Last week I talked about how high performers should take regular breaks away from work to bring their best into their work. This week we will consider the advantages of workflow pauses for high performers.

Over the last few weeks, I have had several speaking engagements that were within driving distance. To help make them as stress free as possible, I made sure that my luggage was packed 48 hours before traveling. Over the years, I have forgotten many travel necessities by hurriedly packing too close to my departure. Packing earlier, and using a checklist, has all but eliminated this problem. I’ve also tried to give myself extra travel time to account for anything unexpected. When I am at the event venue, I have been early for my appointed meeting times with my client. I double check hotel reservations and communicate with the team setting up the meeting room the day before. Anything that I can do the night before my speech is taken care of to reduce the last-minute stress of trying to get everything done. This includes laying out my clothes and presentation materials.

Since I have traveled a lot by car recently, I have been more aware of signs to encourage me to slow down. A rest area sign, that I would have driven by in the past, was a reminder to stop even for a few minutes to break up the monotony of the highway. I have had a lot more quiet time in my car instead of always filling it with music or a podcast or audio book. To have more thinking time, I haven’t turned on a TV in my hotel room and I request restaurant seating that is out of view of a television screen. Finally, I changed the screen color on my iPhone to gray to remind me that life is much more colorful and interesting in the real world. Less time staring at a screen is helpful in focusing on things that really matter.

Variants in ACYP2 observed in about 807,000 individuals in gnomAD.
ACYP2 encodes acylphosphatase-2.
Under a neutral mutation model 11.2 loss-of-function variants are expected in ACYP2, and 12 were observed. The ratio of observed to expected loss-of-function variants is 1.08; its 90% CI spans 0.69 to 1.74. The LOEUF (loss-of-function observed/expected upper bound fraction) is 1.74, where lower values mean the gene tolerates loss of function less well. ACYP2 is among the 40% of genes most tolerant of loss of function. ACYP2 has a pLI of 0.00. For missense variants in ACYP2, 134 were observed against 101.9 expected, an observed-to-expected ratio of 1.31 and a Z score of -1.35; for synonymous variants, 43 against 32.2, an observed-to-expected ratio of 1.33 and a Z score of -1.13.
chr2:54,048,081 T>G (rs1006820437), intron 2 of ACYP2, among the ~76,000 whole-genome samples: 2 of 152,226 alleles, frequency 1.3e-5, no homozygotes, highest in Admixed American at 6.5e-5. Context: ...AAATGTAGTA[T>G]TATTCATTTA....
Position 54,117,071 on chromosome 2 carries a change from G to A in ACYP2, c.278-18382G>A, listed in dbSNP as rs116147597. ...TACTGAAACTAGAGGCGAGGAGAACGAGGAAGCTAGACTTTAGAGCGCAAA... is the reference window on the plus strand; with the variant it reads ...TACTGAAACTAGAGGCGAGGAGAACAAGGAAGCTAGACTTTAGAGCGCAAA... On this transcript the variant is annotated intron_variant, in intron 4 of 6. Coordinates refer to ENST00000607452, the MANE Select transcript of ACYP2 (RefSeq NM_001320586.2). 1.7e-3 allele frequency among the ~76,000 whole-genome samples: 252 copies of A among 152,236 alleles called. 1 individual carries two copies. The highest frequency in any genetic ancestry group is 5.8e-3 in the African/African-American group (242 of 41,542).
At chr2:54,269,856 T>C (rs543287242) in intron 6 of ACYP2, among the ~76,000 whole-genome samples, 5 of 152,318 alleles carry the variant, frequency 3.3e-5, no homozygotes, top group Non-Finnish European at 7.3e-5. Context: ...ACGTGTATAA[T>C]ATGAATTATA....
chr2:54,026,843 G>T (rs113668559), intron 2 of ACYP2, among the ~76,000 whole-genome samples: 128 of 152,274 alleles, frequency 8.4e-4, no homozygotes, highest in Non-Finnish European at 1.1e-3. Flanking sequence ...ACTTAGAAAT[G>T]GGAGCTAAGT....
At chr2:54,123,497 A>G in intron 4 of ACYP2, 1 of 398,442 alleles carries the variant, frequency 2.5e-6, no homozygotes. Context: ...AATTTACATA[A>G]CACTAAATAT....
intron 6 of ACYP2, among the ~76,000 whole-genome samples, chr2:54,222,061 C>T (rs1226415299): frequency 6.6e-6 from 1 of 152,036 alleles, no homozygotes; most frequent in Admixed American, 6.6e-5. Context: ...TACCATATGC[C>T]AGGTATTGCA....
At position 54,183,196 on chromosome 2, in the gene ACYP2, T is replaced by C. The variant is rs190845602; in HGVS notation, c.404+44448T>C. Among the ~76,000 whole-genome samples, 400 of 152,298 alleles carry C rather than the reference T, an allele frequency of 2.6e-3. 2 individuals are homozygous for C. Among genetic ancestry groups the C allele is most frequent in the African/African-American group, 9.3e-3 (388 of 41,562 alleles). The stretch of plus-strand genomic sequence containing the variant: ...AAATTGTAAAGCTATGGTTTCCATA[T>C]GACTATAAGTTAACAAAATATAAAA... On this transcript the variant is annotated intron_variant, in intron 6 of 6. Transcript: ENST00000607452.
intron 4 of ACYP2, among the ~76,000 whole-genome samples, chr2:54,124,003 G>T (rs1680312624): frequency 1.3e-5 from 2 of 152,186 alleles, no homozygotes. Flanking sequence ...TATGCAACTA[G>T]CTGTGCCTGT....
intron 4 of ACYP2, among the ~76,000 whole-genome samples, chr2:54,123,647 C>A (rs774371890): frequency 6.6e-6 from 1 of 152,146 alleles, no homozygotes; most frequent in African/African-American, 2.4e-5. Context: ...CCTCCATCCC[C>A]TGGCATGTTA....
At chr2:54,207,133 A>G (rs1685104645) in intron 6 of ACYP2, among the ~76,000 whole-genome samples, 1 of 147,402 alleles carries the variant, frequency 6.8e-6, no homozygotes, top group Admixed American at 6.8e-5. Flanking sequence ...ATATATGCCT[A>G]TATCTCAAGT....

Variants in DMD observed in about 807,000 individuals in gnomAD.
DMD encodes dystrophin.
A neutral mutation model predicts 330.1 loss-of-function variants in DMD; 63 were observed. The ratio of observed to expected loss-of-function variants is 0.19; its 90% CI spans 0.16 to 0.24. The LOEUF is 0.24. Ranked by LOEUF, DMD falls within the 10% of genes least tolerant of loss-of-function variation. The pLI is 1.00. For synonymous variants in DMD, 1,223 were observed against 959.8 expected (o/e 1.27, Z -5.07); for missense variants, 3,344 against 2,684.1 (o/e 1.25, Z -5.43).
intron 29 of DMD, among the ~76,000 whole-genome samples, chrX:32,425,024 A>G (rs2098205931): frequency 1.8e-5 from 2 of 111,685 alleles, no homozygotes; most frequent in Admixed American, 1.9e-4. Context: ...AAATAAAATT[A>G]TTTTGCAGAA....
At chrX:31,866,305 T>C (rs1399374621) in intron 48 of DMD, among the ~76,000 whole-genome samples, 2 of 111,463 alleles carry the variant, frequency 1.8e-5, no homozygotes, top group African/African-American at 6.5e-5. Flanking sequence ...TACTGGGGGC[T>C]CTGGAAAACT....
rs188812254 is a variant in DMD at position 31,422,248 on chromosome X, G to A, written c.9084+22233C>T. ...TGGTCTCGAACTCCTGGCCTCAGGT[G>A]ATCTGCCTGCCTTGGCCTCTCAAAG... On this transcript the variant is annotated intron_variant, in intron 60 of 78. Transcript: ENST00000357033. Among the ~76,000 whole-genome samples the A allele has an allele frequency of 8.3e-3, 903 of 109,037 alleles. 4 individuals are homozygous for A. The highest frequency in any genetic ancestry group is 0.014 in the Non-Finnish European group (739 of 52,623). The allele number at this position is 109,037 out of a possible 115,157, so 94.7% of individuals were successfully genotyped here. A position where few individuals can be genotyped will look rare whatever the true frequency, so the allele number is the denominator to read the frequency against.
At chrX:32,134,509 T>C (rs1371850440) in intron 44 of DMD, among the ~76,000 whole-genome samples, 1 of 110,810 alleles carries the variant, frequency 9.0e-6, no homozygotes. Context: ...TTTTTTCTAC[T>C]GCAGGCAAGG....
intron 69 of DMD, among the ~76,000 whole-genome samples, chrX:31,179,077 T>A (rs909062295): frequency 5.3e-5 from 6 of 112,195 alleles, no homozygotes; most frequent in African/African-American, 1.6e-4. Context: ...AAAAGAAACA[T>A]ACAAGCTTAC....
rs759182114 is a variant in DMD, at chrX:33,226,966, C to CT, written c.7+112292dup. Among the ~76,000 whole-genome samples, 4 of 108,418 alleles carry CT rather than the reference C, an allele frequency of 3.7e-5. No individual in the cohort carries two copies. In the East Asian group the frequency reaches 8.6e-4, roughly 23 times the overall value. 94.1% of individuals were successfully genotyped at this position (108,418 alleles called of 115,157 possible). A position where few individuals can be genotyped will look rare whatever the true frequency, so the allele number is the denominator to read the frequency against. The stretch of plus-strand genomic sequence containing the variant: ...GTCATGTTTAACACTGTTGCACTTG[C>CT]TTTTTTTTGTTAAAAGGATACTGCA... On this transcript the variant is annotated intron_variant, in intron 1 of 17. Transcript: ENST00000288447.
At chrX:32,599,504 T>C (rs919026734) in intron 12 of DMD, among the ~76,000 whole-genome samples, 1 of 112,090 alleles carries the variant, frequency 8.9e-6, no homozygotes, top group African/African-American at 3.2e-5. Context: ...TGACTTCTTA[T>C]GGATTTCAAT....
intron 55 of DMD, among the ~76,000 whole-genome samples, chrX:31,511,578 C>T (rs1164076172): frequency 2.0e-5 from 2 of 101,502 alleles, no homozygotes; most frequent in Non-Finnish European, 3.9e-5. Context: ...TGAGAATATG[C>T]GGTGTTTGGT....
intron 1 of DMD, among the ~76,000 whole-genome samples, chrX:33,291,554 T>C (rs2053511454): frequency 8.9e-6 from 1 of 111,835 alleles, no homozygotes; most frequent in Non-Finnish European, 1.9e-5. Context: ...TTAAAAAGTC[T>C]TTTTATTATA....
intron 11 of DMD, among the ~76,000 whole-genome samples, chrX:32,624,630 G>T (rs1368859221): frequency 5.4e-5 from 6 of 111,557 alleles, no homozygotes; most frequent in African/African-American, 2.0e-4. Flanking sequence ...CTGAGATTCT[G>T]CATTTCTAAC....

Other content ideas for how to slow down at work include:

Slowing down to prepare for an important phone call. Take some time to prep for a call just as you would for an important in-person meeting. Write down objectives of the call and anticipate questions you might be asked as well as any objections that may be expressed.

Reread your emails before you send them. Check for understanding and clarity in what you write. Make them as brief as possible and limit the number of people who are copied on your emails. Advise the reader if you need additional information with a reasonable time frame for them to respond.

Really think before you speak. Be as brief as possible when you do and include questions to others and repeating their key points to check for understanding.

Thomas Merrill, a recent 2nd place finisher in the 24 Hours of Le Mans, says that in order to go faster, you need to go slower.  Taking time to slow down some of the things that you do will ultimately mean you’ll be able to stay in the race longer and perform at higher levels.

It’s been busy the last few weeks to be sure. Slowing down even while I am working, has given me the gift of freedom from high stress and created higher quality work. It can do the same for you.

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